Life’s Hard Lessons

Photo Credit: Steve Gatto

You know you’re a dad if: At the thought of your daughter dating, visions of gun cleanings while interviewing nervous, pubescent, would-be suitors fills your head. No doubt, the impulse to protect is a powerful one with most fathers. Just listen to the lyrics of one of the most popular songs with the young women these days, by an artist who goes by the pseudonym of Bruno Mars, “I’d Catch A Grenade For Ya” and it’s obvious that the concept of bearing the burden for the “tough stuff” is just a part of the job description for men, but what happens when that protection and those tough things are those you are unable to protect your children from… both sons and daughters? What’s a dad to do?

For me, it came a couple weeks ago, during the morning ride to school. “It” being that one moment that many blacks will unfortunately experience at some point in their lives. “Dad, me and ***** like each other and so ***** told his/her parents that he/she liked me and they told him/her that this was not allowed… because I’m black.” It hit me hard. I wasn’t prepared for this. I’m just getting used to the fact that my child is developing a genuine interest in the opposite sex and recently asked about dating, but this, dealing with prejudice in the process? I was floored. Internally.

I’m generally one of the most level-headed people in my circles so hiding the bubbling volcano of emotion inside was no problem. I tried to ease the burden of this revelation for my child by dismissing the notion that this was nothing but raw, ugly ignorance in the form of prejudice by saying, “You know what? ***** parents are old world and maybe it’s a cultural thing? Maybe they just want ***** to be with a person of their own culture?” To which my child replied, “No, **** told me they’d be ok with him/her dating another white person.” Damn! Ok, let’s go with what’s behind door #2. I immediately moved into comforting mode, asking my child how he/she felt about this and then proceeded to tell him/her of my experiences dating a few asian girls when I was younger and how I rarely got to meet the parents. I wanted my child to know, that I know how it feels and I can empathize. I’ve been there. The truth is that though I shared this information, I know there’s nothing I can really do to soften this blow. My child is old enough now to understand, analytically, that there is ignorance in the world and it has absolutely nothing to do with them but that’s “head knowledge.” That’s what you say to yourself in an attempt to ease the pain, but it’s the heart that takes a beating. I knew this hurt and there was little I could do to ease the pain. This is one of those things we have to go through so that we’ll know, going into adulthood, that prejudice is real and alive and no matter how big a celebrity or how much of an average Jamaal we are, we will be subjected to it at some point, as unfortunate as that realization may be.

As my child went to exit the car, I made one last attempt to comfort and received an uneasy smile as if saying, “Thanks dad for trying, but this is one boo boo you can’t make better.” As I drove back to the house, I dissected the conversation and realized that I’m glad this happened now, and not when my little one was younger or much older. I came to this conclusion because I know that the maturity level is great enough to be able to process this, with a little guidance of course, then there’s the necessary evil of the mandatory hard lesson that people are going to dislike you because: the color of your skin, your shoes, your name, your hairstyle, your car, your neighborhood… and the list goes on. Regardless of ethnicity or phenotype, this is something we all need to learn young because the world can be a harsh place and no matter how much a dad like me would love to be able to protect my children from all of the evils of the world, I can’t. And they need to know that and grow a little thicker skin so that the ignorance in this world won’t be able to stop them in their tracks as they pursue their own purpose and path in life. For me that day, I was reminded just how important it is to be a protector, but more importantly, how important it is that our children experience some battles of their own while they’re still at home. It is in those times that the protection of a dad seems more passive than active, but it is in that passive posture that our children will learn how to process and fight their own battles while still feeling we’re there to catch and/or comfort them should it be a battle they’re not fully ready or able to fight. And that’s when we move to an active posture, ideally giving them healthy tools to help fight the next battle victoriously or find the object lesson in defeat.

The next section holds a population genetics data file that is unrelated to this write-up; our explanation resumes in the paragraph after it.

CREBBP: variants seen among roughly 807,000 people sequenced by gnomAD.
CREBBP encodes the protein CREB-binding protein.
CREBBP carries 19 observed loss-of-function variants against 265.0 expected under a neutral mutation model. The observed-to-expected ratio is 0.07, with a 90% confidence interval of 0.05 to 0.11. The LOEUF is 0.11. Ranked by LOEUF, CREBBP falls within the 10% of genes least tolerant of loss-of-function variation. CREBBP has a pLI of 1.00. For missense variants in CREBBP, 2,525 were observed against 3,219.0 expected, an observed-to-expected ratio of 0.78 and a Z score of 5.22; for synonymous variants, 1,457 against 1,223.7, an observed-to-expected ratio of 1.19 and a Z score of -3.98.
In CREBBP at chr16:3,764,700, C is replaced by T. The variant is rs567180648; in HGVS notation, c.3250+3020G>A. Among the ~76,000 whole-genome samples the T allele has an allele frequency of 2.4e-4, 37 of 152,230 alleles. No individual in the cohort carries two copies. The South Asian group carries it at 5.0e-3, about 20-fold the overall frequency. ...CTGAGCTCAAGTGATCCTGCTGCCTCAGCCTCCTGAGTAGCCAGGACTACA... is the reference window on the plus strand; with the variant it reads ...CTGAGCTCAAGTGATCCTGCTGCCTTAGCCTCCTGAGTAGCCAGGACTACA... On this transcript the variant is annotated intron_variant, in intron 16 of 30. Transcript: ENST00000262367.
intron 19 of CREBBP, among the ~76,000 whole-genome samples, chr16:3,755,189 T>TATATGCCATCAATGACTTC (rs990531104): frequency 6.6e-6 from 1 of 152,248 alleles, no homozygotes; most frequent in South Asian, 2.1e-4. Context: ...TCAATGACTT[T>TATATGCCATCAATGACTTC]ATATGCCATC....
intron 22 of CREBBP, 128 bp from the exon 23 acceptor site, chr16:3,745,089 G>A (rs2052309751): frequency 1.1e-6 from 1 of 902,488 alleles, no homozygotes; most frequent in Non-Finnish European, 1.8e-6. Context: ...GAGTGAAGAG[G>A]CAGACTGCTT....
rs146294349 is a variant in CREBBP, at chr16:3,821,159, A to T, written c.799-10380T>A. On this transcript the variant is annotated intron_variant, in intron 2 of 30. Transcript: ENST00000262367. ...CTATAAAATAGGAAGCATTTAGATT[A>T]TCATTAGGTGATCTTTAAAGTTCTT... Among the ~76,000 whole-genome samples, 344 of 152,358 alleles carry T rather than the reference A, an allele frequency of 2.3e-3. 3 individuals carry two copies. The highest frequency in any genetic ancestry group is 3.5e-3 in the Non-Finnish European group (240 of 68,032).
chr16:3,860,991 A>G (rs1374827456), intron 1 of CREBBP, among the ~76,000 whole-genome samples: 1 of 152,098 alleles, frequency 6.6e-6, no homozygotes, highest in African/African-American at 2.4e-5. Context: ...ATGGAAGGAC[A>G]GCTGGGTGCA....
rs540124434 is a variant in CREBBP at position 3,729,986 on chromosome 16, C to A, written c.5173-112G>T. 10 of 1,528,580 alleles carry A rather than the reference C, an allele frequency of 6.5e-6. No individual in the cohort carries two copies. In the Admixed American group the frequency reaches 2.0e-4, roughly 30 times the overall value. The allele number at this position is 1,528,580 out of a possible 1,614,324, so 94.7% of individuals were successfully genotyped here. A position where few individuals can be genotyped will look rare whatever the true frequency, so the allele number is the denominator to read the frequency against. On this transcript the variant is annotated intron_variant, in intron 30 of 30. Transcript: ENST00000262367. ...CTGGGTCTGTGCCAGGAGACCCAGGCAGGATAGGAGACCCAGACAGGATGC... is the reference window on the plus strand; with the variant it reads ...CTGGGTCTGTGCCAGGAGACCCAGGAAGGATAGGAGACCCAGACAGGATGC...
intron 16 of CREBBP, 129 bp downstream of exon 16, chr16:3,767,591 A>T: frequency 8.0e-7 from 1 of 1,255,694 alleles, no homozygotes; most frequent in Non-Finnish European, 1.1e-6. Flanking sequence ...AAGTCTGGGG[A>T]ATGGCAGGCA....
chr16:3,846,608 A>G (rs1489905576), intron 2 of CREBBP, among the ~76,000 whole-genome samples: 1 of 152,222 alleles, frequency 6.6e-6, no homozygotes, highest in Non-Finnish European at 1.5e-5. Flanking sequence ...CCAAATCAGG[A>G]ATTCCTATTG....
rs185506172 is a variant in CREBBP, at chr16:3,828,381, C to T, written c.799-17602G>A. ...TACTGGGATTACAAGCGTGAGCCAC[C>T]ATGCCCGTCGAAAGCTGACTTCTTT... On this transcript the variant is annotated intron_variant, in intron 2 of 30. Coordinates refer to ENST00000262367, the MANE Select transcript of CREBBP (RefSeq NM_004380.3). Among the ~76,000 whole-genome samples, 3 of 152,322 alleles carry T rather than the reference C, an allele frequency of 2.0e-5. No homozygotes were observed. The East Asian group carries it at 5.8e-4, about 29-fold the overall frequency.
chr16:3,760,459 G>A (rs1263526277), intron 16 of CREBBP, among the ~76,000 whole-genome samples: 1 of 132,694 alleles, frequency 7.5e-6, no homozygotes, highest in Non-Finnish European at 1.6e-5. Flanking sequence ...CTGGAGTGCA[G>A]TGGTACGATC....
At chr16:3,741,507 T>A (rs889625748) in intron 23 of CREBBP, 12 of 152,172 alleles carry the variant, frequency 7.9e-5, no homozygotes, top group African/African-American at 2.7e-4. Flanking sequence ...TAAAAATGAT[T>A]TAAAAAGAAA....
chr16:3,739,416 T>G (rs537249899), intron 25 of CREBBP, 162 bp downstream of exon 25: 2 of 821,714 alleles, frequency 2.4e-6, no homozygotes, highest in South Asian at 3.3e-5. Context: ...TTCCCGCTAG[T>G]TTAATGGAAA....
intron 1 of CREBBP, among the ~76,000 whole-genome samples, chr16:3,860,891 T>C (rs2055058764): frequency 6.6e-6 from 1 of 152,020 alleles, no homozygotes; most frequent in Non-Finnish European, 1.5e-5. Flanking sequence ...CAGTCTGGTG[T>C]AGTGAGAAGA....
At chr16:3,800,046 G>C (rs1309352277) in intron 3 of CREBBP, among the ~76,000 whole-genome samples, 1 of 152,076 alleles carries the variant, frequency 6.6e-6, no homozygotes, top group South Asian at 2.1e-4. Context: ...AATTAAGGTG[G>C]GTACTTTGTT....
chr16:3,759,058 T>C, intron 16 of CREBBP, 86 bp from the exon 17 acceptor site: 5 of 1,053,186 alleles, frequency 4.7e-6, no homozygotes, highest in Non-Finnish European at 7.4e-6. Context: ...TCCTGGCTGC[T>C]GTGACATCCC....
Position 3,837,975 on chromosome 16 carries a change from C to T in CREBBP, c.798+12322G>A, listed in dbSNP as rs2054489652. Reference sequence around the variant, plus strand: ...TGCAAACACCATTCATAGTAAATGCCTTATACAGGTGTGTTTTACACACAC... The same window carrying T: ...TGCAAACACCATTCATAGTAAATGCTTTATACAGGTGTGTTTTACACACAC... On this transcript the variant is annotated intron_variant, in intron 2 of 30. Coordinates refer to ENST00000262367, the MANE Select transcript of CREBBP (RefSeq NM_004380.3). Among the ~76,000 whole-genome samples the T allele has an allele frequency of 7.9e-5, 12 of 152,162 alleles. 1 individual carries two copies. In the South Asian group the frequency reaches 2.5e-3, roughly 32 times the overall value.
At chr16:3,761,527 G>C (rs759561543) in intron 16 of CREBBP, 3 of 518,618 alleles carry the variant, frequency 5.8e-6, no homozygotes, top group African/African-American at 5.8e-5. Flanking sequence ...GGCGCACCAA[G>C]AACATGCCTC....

In this way, the protection a dad provides is fully realized because protection isn’t just a physical thing. It’s the capacity to protect the minds, hearts and health of those who call you daddy. And husband.

Disclaimer: I kept this post as gender neutral as possible out of respect for my child and their “friend.” That too is for their protection. :)

About Tshaka Armstrong

Tshaka Armstrong is the husband to one awesome wife, dad to three awesome children. On any given day you may find him posting internet & tech family safety info here and on his personal blog www.digitalshepherds.com, or chatting with his tweeps when he's not dadvocating here. Join in the conversation, drop a line, share a joke and join him in encouraging each other to be awesome!